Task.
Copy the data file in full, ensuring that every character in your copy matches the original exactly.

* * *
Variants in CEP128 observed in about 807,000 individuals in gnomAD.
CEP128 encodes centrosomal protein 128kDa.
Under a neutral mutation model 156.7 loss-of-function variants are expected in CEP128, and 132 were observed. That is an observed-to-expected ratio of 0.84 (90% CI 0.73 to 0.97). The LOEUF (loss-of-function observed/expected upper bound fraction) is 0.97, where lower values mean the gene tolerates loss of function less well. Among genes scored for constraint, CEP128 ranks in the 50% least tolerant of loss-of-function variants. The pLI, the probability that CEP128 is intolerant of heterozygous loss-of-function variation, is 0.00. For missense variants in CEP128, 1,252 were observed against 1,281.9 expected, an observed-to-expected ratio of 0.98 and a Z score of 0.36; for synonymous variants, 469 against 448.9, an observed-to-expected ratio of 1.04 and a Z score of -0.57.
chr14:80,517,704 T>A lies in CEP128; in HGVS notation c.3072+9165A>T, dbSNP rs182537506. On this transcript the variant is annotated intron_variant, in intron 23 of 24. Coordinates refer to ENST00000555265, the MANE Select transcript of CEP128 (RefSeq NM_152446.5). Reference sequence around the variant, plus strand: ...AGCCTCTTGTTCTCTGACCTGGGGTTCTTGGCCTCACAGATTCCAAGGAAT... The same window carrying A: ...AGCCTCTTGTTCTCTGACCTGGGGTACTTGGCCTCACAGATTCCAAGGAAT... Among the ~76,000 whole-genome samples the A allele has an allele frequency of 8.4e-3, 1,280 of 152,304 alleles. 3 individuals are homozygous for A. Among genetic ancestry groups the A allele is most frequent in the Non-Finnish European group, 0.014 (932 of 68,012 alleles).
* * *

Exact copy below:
Variants in CEP128 observed in about 807,000 individuals in gnomAD.
CEP128 encodes centrosomal protein 128kDa.
Under a neutral mutation model 156.7 loss-of-function variants are expected in CEP128, and 132 were observed. That is an observed-to-expected ratio of 0.84 (90% CI 0.73 to 0.97). The LOEUF (loss-of-function observed/expected upper bound fraction) is 0.97, where lower values mean the gene tolerates loss of function less well. Among genes scored for constraint, CEP128 ranks in the 50% least tolerant of loss-of-function variants. The pLI, the probability that CEP128 is intolerant of heterozygous loss-of-function variation, is 0.00. For missense variants in CEP128, 1,252 were observed against 1,281.9 expected, an observed-to-expected ratio of 0.98 and a Z score of 0.36; for synonymous variants, 469 against 448.9, an observed-to-expected ratio of 1.04 and a Z score of -0.57.
chr14:80,517,704 T>A lies in CEP128; in HGVS notation c.3072+9165A>T, dbSNP rs182537506. On this transcript the variant is annotated intron_variant, in intron 23 of 24. Coordinates refer to ENST00000555265, the MANE Select transcript of CEP128 (RefSeq NM_152446.5). Reference sequence around the variant, plus strand: ...AGCCTCTTGTTCTCTGACCTGGGGTTCTTGGCCTCACAGATTCCAAGGAAT... The same window carrying A: ...AGCCTCTTGTTCTCTGACCTGGGGTACTTGGCCTCACAGATTCCAAGGAAT... Among the ~76,000 whole-genome samples the A allele has an allele frequency of 8.4e-3, 1,280 of 152,304 alleles. 3 individuals are homozygous for A. Among genetic ancestry groups the A allele is most frequent in the Non-Finnish European group, 0.014 (932 of 68,012 alleles).